Are the Taps Dry? Cash Flow in Kenya and the Implications for National and County Spending

August 2017 | by John Kinuthia, IBP Kenya

In the first quarter of the 2015/16 fiscal year, Kenya’s national government had a cash crunch that was covered extensively by the media, yet the reasons for the liquidity problems were never clarified. As the crisis eased media interest waned, but questions remained about the national government’s ability to manage cash flow properly in order to avoid service disruptions.

Additionally, numerous questions have been raised in recent years regarding the flow of funds from the national government to counties, who have frequently expressed concerns about delays in disbursements.

This Budget Brief presents an analysis of the available data on Kenya’s national government cash flow, focusing on cash inflows over the last six years and how that money has been disbursed across government agencies at the national and county levels.



kenya cash flow and implications for national and county spending 2017 ibp.pdf

pdf, 0.26 MB

John Kinuthia

Senior Program Officer, IBP Kenya, International Budget Partnership

John is a Senior Program Officer at the International Budget Partnership Kenya (IBPK). He joined IBP in October 2012 just as Kenya’s ambitious devolution program was taking off. John leads IBPK’s research and analytical work in Kenya, and he is part of the team that works to promote budget transparency and to improve public engagement on how the government raises and spends public resources.

He has done extensive research on Kenya’s public finance system for evidence generation that IBP uses to provide technical support to civil society organizations and, in some cases, government agencies. John’s research focuses on equitable revenue sharing mechanisms, equity in government expenditure, social protection, budget credibility, public participation in budgets, sub-national budget transparency, among other areas. His role also includes supporting capacity building and the publication of guides and tools that IBPK uses to improve community engagement with national and sub-national government budgets. John also plays a role in coordinating IBP’s programmatic work in Kenya, including supporting fundraising and administrative tasks.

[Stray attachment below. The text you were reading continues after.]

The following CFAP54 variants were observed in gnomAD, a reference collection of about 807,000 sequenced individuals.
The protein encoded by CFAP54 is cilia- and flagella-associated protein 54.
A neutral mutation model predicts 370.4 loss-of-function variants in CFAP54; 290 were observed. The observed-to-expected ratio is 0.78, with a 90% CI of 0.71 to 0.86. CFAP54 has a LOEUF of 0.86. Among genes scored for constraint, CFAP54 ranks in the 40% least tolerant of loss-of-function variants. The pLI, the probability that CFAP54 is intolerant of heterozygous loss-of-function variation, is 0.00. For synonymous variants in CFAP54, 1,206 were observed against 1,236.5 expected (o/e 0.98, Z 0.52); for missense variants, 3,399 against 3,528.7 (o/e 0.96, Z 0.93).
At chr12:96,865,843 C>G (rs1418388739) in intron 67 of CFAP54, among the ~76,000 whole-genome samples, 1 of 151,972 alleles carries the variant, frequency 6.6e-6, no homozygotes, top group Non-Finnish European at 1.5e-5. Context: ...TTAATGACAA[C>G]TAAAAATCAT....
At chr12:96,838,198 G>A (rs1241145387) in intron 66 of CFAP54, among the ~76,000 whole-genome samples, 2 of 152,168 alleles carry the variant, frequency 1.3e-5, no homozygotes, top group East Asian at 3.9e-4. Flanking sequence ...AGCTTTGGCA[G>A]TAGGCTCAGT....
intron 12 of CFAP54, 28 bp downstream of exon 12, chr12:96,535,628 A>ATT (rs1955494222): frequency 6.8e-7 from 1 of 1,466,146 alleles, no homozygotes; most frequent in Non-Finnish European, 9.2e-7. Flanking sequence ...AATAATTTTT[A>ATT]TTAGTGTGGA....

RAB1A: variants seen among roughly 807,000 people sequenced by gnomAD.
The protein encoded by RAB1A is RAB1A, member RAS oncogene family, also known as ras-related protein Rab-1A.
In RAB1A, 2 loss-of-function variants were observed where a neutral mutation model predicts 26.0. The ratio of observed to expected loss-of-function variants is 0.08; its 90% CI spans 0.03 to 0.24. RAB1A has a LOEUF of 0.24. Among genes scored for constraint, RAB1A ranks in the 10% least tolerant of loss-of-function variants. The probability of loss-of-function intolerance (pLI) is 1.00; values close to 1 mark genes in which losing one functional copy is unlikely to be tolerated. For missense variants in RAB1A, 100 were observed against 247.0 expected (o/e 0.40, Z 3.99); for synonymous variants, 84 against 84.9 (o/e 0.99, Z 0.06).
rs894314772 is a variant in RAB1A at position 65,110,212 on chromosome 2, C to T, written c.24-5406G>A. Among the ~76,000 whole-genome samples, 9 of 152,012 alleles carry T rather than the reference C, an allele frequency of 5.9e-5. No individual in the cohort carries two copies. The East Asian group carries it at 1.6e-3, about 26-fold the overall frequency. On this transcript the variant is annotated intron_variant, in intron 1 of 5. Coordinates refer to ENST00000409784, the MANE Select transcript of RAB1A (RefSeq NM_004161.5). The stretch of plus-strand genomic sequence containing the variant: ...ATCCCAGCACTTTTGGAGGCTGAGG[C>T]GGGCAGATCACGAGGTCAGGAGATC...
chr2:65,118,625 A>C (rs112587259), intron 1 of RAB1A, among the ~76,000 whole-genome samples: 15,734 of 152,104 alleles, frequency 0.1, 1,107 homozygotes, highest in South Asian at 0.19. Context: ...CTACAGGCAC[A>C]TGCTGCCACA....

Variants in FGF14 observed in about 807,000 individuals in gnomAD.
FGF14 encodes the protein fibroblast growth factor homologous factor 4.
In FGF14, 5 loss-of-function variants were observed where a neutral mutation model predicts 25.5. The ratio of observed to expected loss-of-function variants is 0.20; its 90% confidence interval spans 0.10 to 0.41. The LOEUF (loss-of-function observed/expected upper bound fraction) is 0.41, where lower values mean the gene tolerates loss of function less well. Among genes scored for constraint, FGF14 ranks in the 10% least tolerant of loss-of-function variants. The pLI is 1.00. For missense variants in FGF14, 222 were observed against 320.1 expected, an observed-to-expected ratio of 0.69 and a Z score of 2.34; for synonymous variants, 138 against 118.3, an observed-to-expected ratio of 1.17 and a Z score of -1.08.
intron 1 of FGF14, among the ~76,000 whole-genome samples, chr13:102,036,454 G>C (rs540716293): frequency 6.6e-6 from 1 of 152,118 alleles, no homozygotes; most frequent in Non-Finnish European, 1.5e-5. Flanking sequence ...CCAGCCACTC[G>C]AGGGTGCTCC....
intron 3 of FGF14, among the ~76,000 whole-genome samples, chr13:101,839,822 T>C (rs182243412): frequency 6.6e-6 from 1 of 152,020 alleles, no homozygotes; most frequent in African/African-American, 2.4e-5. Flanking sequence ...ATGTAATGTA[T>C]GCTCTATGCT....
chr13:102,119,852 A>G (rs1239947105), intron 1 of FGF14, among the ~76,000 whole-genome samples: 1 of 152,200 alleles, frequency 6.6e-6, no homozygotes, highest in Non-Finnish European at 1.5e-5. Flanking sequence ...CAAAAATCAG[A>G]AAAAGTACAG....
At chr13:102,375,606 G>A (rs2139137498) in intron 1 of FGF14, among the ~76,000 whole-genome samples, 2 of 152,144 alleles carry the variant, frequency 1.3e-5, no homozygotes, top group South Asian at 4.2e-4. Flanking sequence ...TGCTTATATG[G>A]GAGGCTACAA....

John holds a Bachelor of Science degree in Physics from Jomo Kenyatta University of Agriculture and Technology (JKUAT), an MBA in Strategic Management from the Kenya Methodist University, and a professional award on Decentralization and Local Governance from SOAS University of London.

Before joining IBP, John worked with Twaweza East Africa as an Associate Analyst, where he helped to build the Kenya Budget Explorer, a centralized budget portal, to improve citizens’ access to budget information.  He is a big data enthusiast, a happy bee farmer, and a part-time historian.

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